After a long period of scratching around that probably seems an awful long time ago the construction industry is well and truly in a state of growth.

The Construction Products Association (CPA) has been accurately forecasting the state of the trade for many years. It is now anticipating construction output to grow 4.7 per cent in 2014 and 4.8 per cent in 2015. In some areas there are spectacular rises: industrial warehouse by a whopping 20 per cent and private housing by a staggering 18 per cent.

The JLL and Glenigan UK Commercial Construction Index reported that: “Work began on some £22.7 billion of commercial projects over the 12 months to June 2014, a year-on-year increase of 6.6 per cent. This demonstrates that developers are responding to rising corporate confidence and, in particular, there has been a notable increase in demand for high quality, modern, attractive spaces that can drive greater productivity and staff retention.”

Even education is set to bounce back, admittedly only a 2.2 per cent rise in 2014 after three years of consecutive falls. The health sector remains in the doldrums with the sixth consecutive year of falls, due to lack of PFI work.

All in all this looks like a good time to be in the fit-out and finishes sector, with order books growing and members telling us they are at or near full capacity, so let’s celebrate that. This should be a good opportunity to restore balance sheets and improve profitability.

As with all things in construction it seems to be feast or famine and with the feast come fresh problems, or rather old problems we haven’t had to deal with for a while. Labour and skills shortages, wage and material price rises.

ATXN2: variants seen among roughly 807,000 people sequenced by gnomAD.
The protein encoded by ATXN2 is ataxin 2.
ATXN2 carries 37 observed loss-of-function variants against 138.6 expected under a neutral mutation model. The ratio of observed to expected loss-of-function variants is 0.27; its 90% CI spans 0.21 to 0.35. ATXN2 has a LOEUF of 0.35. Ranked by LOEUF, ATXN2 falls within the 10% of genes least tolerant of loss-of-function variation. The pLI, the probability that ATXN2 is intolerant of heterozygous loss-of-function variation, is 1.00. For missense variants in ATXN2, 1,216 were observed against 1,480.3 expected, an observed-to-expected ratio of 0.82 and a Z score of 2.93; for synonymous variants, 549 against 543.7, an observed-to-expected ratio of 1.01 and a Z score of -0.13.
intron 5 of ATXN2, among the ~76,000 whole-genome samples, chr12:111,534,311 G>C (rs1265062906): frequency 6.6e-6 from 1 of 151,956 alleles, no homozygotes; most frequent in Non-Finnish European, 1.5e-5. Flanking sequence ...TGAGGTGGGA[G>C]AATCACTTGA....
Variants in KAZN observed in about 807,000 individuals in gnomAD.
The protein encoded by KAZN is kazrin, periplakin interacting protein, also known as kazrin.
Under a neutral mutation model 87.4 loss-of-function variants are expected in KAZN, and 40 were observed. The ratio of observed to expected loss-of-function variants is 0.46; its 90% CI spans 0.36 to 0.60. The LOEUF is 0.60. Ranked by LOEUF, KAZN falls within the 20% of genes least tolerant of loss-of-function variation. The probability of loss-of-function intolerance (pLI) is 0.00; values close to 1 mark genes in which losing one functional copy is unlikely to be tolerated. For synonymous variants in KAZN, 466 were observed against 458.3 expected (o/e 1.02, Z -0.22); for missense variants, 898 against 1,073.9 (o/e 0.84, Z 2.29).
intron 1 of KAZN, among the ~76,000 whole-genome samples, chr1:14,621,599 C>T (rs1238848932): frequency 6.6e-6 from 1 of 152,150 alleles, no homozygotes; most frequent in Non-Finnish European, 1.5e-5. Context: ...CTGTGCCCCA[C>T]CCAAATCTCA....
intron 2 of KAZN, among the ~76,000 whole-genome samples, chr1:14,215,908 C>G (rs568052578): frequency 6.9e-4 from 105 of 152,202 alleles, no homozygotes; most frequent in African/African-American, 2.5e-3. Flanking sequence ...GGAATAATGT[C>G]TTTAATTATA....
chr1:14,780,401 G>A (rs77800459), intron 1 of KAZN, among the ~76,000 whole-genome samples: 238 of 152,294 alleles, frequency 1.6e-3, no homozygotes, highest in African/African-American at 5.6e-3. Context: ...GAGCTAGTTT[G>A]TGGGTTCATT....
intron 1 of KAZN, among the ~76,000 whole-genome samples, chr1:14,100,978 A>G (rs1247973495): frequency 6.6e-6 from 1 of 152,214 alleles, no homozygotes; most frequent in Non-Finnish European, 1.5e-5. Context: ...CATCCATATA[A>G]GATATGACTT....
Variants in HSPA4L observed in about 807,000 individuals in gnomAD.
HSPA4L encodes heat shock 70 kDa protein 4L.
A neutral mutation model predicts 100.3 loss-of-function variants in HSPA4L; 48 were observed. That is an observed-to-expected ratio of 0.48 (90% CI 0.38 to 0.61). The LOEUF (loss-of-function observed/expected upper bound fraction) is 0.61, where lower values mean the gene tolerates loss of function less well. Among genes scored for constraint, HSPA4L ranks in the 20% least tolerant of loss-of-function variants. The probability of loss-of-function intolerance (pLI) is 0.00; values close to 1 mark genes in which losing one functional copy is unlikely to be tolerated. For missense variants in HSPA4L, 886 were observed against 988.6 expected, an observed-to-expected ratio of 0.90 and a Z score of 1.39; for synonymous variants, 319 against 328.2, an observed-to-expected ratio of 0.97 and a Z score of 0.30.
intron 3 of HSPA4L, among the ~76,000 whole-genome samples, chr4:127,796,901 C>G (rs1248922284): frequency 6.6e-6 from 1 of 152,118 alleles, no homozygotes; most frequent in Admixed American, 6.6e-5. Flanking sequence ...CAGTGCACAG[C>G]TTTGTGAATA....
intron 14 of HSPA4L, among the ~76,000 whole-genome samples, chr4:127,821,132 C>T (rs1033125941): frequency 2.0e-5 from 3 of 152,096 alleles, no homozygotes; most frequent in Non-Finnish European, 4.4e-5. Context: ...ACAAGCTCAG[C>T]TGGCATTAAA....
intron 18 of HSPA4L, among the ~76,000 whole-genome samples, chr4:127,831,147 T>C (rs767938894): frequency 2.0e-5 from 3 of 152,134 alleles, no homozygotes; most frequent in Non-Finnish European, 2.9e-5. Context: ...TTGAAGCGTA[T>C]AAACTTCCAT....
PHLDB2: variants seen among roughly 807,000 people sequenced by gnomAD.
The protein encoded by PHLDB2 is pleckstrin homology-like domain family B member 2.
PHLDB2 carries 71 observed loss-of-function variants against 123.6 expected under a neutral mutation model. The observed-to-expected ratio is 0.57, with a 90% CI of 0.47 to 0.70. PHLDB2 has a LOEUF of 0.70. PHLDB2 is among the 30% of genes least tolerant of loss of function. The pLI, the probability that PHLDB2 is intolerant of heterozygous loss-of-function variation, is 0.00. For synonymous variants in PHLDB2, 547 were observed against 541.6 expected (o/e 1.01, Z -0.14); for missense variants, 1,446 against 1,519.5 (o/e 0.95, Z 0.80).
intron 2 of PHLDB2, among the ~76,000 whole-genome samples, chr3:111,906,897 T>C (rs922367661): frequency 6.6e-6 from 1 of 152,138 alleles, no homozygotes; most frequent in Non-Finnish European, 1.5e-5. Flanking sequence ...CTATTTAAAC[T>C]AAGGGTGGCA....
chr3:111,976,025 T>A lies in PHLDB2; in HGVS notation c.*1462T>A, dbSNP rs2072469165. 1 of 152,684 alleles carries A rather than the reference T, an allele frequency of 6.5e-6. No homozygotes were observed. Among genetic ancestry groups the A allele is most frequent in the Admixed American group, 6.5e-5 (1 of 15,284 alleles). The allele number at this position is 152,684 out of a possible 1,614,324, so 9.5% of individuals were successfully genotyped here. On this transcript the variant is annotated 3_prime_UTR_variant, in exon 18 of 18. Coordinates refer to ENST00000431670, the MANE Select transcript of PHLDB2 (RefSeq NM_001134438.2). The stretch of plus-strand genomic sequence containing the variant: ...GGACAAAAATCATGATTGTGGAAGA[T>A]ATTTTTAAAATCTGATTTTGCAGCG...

Skills are a perennial problem that has no simple solution. Productivity improvements can address some of
the demand but when work picks up it’s skilled tradesmen that are needed. In the medium term if local trade skills are not available there is only one solution; a return to importing labour from elsewhere in Europe. While this may not be politically palatable in the short term, it is a fact of life.

What causes the problem is a lack of good quality new entrants. The poor image of the industry and the lack of a career path both need resolving before this will be solved. And then there is matching potential trainees with courses and funding. How do we recognise the average entrant to the industry is over 20 and isn’t living with his parents. He (and it is almost always he) has dependents and can’t afford to fund training and low wages whilst he becomes qualified.

How do you promote a skilled workforce when no-one is demanding that a qualified person completes installations? All these elements compound to create what appears to be an insoluble problem but we have to start somewhere.

AIS FPDC believes that training and skills should be one of the cornerstones of our future strategy. We have committed to getting everyone to NVQ level 2 by 2020 and able to get a CSCS blue card as a skilled worker. This requires the enforcement of CSCS cards on site to act as a driver. There are signs this is beginning to happen on more and more sites. In turn there appears to be a recognition amongst site staff that getting a formal qualification and becoming carded is going to be more important in the future. Small steps but important nonetheless.

Of course if we create demand for training we have to be able to meet that with the minimum of fuss and paperwork; a challenge for our training strategy.

And skills are not the only challenge. Material prices are bound to come under pressure as demand increases. Good supply chains are built on trust and long term relationships. Many were tested to the extreme during the recession. Let’s hope that people remember that there is give and take in all relationships and that sometimes short term gain can come at considerable expense long term.

Overall though, this is a time to be optimistic. The new football season is now underway and as with every season I start with a huge sense of optimism and hope. It’s the hope that gets you in the end!

David Frise
AIS FPDC Chief Executive